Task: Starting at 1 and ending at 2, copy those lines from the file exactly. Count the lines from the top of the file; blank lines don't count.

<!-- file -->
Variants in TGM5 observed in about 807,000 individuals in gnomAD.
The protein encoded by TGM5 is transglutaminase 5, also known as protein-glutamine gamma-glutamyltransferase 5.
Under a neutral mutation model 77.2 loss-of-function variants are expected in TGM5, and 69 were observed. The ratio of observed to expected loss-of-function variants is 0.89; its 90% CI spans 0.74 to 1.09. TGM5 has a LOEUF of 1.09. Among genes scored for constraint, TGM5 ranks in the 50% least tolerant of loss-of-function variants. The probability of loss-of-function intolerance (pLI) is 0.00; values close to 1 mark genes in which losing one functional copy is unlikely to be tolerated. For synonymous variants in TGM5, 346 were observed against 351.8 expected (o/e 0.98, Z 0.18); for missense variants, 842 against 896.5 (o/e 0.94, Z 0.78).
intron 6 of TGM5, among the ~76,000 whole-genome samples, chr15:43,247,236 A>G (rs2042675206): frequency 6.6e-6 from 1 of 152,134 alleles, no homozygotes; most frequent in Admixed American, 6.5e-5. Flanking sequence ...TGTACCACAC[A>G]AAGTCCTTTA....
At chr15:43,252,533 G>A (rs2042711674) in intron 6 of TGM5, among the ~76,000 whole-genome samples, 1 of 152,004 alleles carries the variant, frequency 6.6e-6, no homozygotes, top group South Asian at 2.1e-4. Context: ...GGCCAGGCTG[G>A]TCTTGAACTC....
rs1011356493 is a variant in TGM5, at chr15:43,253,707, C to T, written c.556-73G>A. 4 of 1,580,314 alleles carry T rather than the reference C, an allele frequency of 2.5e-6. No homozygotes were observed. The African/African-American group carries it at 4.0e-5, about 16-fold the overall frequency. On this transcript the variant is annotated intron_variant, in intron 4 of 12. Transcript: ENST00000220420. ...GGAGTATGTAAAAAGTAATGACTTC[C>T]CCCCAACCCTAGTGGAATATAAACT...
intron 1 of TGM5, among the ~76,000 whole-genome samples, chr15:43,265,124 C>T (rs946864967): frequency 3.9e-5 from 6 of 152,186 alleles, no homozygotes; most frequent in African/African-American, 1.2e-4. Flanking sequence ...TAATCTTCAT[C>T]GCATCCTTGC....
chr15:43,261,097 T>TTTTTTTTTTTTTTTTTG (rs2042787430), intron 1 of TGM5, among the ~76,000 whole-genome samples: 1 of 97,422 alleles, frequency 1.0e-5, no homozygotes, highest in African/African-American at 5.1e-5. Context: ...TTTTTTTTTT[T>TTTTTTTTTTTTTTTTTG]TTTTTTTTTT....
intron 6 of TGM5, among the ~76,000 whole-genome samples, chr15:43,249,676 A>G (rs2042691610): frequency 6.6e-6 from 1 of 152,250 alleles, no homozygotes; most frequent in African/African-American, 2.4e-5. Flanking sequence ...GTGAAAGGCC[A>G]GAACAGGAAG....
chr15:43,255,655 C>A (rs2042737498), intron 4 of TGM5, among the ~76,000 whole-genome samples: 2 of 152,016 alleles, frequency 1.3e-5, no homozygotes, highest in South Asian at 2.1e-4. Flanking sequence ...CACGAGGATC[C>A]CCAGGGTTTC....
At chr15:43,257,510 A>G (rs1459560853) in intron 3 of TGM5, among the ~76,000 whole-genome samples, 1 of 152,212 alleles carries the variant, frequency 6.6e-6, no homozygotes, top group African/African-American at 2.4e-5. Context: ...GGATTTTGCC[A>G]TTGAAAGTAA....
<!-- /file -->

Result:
Variants in TGM5 observed in about 807,000 individuals in gnomAD.
The protein encoded by TGM5 is transglutaminase 5, also known as protein-glutamine gamma-glutamyltransferase 5.